While 96% of homes have smoke alarms according to the National Fire Protection Association, many of the fire alarms in these homes don’t work. Almost half of the fire related deaths in the U.S. could have been avoided if only the smoke detectors had been working.
Make sure that your smoke alarms are working: Test them monthly. If they don’t work, try replacing the batteries. If they still don’t work, then replace the entire smoke detector. When the alarm chirps, be sure to replace the battery. Smoke detectors are also available with 10 year, non-replaceable lithium batteries. The prices are comparable to smoke detectors that use alkaline batteries, with the advantage that elderly or people with physical limitations don’t need to change them each year. Make sure to keep track of when these types of smoke detectors need replacing.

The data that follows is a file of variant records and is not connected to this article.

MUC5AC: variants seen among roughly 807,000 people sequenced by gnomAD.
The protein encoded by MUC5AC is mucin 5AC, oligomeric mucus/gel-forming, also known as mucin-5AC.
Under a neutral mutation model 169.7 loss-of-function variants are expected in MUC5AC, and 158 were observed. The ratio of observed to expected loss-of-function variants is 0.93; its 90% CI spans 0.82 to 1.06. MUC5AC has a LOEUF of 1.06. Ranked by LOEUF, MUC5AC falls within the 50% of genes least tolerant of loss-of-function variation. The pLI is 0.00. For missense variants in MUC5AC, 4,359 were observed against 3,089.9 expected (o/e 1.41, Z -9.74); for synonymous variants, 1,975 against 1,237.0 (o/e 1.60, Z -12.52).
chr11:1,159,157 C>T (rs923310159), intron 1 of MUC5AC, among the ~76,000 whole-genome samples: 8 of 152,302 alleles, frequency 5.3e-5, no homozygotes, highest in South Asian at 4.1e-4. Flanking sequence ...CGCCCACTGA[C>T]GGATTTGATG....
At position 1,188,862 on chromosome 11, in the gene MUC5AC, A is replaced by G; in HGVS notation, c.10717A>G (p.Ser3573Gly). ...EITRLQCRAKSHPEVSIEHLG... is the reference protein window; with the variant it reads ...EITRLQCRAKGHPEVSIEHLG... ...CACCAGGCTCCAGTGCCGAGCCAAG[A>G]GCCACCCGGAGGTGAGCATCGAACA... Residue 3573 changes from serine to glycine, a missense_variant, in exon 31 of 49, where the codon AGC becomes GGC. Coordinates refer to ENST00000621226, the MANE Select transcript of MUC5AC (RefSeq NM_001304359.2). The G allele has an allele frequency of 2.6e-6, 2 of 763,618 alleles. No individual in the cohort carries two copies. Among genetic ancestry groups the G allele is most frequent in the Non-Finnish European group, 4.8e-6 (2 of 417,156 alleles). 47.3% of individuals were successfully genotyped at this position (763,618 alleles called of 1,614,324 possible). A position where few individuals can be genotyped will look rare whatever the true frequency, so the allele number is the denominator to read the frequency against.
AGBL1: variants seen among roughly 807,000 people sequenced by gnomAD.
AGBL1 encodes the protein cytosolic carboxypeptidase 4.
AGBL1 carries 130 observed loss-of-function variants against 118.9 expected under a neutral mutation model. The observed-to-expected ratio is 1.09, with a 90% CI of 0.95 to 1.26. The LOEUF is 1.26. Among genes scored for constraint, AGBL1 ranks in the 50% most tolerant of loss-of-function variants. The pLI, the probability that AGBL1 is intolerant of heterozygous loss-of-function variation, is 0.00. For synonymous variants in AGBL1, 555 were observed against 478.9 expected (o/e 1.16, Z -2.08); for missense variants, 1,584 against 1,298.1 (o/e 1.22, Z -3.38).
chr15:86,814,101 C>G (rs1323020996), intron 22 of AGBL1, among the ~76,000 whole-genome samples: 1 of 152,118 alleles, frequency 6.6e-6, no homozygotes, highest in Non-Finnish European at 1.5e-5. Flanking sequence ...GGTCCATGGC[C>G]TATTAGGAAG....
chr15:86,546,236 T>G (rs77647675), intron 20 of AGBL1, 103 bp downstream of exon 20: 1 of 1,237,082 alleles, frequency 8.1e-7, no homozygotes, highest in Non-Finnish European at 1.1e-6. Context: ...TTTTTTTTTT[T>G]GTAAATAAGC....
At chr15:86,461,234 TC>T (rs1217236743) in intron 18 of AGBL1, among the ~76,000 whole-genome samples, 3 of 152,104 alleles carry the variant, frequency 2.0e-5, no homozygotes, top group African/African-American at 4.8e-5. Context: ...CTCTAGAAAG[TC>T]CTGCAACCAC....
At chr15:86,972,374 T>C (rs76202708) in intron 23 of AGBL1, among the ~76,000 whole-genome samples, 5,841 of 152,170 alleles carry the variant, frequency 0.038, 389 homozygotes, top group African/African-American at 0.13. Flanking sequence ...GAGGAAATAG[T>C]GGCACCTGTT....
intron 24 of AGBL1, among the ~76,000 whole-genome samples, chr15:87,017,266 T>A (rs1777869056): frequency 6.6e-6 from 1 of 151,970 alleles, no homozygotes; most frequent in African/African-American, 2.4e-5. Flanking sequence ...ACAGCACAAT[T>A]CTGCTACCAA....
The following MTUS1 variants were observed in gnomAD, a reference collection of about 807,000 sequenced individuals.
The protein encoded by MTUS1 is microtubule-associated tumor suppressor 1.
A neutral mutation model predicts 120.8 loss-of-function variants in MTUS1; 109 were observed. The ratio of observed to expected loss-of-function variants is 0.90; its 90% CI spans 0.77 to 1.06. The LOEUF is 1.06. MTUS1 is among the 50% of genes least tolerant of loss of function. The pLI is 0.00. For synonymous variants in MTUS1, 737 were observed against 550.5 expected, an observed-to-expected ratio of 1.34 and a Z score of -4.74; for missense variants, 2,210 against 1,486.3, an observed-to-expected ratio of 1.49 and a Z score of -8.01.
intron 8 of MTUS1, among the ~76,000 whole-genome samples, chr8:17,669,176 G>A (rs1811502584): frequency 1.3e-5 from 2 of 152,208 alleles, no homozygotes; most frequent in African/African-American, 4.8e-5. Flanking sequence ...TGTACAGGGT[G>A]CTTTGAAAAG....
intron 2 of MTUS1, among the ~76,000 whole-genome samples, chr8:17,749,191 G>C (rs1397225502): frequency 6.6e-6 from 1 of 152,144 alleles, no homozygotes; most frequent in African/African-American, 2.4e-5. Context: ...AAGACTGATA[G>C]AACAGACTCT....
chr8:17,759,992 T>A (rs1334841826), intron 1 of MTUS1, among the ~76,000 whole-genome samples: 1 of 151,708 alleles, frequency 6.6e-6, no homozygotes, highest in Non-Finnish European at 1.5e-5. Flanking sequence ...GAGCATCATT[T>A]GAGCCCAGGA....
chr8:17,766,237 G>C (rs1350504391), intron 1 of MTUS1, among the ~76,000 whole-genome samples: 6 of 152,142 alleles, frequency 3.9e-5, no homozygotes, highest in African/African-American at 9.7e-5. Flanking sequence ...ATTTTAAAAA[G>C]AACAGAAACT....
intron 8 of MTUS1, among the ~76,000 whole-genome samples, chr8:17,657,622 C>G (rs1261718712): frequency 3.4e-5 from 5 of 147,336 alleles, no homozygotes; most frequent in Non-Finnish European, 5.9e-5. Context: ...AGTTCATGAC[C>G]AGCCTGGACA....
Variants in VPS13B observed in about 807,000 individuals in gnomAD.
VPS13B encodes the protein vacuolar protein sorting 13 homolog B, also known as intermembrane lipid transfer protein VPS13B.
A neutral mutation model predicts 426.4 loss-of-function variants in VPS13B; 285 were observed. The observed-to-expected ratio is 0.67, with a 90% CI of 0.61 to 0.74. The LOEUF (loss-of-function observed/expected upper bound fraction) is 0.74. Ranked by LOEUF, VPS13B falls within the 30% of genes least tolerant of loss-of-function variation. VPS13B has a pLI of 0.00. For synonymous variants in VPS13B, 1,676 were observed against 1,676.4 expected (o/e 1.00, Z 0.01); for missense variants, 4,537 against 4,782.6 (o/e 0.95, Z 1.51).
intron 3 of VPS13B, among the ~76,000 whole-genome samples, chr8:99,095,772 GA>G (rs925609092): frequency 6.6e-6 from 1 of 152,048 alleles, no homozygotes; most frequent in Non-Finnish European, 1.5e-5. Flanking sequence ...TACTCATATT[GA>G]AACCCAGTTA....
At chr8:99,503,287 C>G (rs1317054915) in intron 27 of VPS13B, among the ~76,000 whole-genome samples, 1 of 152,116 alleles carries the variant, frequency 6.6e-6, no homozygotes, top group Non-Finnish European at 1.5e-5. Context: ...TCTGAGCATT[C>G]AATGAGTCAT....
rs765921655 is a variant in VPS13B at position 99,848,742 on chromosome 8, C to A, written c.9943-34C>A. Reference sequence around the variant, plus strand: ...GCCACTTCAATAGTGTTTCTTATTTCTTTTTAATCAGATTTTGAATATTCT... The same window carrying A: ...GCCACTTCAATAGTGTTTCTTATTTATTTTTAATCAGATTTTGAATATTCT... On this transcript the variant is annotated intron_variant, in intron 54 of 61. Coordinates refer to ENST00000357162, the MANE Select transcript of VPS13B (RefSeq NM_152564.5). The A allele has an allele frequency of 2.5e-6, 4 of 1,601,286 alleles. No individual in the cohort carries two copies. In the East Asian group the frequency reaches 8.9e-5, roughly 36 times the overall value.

There are also smoke detectors that are hardwired into the home’s electrical circuits. In rural areas (like ours), the battery operated smoke alarms may be better choices, because during winter storms, we lose power on a regular basis.
There are two different types of detectors: Ionization photoelectric. Ionization detectors are the smaller most economical of the two. Optical smoke detectors are more expensive but are more effective at detecting the larger particles of smoke produced by slow burning fires such as smouldering foam-filled furniture. (from smoking in bed!)
For the hard of hearing, smoke alarms are available with flashing lights. These are often seen in office buildings are very effective for someone who may not be able to hear the regular alarms.
If you have questions about your smoke alarms, most fire departments will do free or low cost inspections.